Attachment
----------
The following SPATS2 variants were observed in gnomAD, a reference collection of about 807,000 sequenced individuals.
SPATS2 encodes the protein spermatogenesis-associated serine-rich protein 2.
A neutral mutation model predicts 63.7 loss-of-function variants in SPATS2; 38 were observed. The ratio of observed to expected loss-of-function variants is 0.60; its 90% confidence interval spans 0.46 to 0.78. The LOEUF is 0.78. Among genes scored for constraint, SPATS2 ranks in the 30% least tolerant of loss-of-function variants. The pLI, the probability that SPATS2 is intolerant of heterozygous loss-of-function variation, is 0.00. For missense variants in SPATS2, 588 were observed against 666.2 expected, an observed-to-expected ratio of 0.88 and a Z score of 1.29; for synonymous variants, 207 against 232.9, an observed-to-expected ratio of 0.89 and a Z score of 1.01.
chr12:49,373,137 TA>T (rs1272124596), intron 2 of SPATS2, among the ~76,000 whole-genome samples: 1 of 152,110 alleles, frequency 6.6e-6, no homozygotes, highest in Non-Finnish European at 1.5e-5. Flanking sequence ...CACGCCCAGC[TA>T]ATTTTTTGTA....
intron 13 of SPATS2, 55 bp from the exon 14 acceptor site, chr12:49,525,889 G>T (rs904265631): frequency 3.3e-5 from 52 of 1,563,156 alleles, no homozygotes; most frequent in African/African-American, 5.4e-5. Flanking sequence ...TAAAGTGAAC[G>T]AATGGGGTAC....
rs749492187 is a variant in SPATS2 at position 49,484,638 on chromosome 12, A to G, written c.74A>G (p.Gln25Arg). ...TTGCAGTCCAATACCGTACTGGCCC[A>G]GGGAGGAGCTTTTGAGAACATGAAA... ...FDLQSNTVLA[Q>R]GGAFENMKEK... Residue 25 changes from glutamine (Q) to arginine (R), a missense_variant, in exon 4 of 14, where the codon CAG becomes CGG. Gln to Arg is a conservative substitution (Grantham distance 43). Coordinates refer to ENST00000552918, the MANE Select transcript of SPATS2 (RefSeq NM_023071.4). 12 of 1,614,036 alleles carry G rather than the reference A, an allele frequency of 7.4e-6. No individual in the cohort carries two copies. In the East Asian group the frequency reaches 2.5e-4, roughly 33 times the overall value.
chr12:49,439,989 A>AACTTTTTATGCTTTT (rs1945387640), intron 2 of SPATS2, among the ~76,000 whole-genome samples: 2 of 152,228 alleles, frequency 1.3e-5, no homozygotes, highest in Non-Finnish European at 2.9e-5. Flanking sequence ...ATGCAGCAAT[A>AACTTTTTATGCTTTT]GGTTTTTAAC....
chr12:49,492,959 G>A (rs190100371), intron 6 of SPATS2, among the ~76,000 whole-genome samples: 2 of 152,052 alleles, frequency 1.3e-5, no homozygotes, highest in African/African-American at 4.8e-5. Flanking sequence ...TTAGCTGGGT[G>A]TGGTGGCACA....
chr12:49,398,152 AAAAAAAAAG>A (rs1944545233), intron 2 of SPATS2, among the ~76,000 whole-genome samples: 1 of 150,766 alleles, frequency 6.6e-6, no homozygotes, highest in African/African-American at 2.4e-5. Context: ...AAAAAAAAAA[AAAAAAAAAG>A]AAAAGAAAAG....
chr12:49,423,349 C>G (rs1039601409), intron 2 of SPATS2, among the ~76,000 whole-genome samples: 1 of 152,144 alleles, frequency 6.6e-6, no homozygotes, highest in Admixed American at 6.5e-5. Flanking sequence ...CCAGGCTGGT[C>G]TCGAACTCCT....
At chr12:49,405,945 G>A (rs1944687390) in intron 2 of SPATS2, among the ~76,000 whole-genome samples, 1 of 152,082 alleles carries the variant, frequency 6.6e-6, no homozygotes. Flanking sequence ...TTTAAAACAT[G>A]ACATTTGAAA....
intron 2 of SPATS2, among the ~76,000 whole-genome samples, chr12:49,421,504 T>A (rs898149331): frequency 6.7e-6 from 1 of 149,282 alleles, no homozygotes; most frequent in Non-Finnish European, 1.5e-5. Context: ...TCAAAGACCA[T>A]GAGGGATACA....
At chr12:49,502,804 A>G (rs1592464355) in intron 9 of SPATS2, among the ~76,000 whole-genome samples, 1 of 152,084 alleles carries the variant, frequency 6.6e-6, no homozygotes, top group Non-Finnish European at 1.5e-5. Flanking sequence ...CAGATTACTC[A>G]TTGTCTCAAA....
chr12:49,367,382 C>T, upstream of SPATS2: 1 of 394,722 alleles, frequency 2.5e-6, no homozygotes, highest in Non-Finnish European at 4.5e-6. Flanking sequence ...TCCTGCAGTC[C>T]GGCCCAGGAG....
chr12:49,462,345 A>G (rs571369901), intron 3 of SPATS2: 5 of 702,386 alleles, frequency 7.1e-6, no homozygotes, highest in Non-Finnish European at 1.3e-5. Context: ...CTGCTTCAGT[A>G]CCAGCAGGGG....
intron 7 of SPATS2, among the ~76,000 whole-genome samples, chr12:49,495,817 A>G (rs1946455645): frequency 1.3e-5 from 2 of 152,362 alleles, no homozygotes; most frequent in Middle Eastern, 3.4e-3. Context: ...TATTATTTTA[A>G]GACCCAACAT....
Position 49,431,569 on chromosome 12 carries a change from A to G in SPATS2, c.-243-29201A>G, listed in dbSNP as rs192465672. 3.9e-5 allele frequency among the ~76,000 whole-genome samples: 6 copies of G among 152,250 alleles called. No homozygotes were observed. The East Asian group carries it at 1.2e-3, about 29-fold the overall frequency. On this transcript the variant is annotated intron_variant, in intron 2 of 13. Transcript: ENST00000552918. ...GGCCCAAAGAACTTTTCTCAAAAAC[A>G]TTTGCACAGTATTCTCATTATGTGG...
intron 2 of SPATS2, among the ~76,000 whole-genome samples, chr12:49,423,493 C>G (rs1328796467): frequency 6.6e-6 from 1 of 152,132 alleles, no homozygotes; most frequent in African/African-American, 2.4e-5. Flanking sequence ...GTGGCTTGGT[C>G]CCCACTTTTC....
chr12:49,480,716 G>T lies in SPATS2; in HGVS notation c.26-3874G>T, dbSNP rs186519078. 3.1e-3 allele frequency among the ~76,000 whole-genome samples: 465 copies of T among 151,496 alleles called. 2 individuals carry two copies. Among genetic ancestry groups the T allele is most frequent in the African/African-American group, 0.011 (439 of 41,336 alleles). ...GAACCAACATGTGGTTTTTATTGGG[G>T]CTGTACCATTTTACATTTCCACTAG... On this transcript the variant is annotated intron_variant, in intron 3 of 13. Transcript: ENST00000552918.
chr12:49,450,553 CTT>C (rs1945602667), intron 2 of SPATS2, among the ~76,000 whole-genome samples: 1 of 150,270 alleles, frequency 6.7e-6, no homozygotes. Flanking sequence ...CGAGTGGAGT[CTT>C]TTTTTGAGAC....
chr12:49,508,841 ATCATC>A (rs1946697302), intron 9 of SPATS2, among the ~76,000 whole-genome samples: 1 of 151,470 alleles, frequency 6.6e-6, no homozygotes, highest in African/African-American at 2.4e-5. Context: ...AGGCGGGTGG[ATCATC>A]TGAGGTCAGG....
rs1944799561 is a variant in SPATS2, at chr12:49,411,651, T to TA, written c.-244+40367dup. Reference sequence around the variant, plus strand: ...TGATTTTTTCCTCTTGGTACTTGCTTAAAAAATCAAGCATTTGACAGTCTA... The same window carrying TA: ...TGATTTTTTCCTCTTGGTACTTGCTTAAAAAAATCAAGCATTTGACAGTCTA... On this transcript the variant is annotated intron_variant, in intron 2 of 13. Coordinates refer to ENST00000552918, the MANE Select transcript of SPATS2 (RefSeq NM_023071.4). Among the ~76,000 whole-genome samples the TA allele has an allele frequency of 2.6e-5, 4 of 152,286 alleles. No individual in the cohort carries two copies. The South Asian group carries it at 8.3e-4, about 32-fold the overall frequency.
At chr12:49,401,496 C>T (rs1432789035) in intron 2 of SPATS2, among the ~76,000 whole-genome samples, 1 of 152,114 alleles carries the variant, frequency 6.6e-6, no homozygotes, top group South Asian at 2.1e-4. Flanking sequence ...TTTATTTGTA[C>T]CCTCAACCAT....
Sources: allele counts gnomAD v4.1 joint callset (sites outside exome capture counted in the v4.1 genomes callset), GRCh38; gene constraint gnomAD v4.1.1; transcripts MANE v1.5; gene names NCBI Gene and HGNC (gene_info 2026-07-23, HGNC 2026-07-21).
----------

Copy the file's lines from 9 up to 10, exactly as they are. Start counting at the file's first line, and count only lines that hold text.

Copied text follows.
chr12:49,398,152 AAAAAAAAAG>A (rs1944545233), intron 2 of SPATS2, among the ~76,000 whole-genome samples: 1 of 150,766 alleles, frequency 6.6e-6, no homozygotes, highest in African/African-American at 2.4e-5. Context: ...AAAAAAAAAA[AAAAAAAAAG>A]AAAAGAAAAG....
chr12:49,423,349 C>G (rs1039601409), intron 2 of SPATS2, among the ~76,000 whole-genome samples: 1 of 152,144 alleles, frequency 6.6e-6, no homozygotes, highest in Admixed American at 6.5e-5. Flanking sequence ...CCAGGCTGGT[C>G]TCGAACTCCT....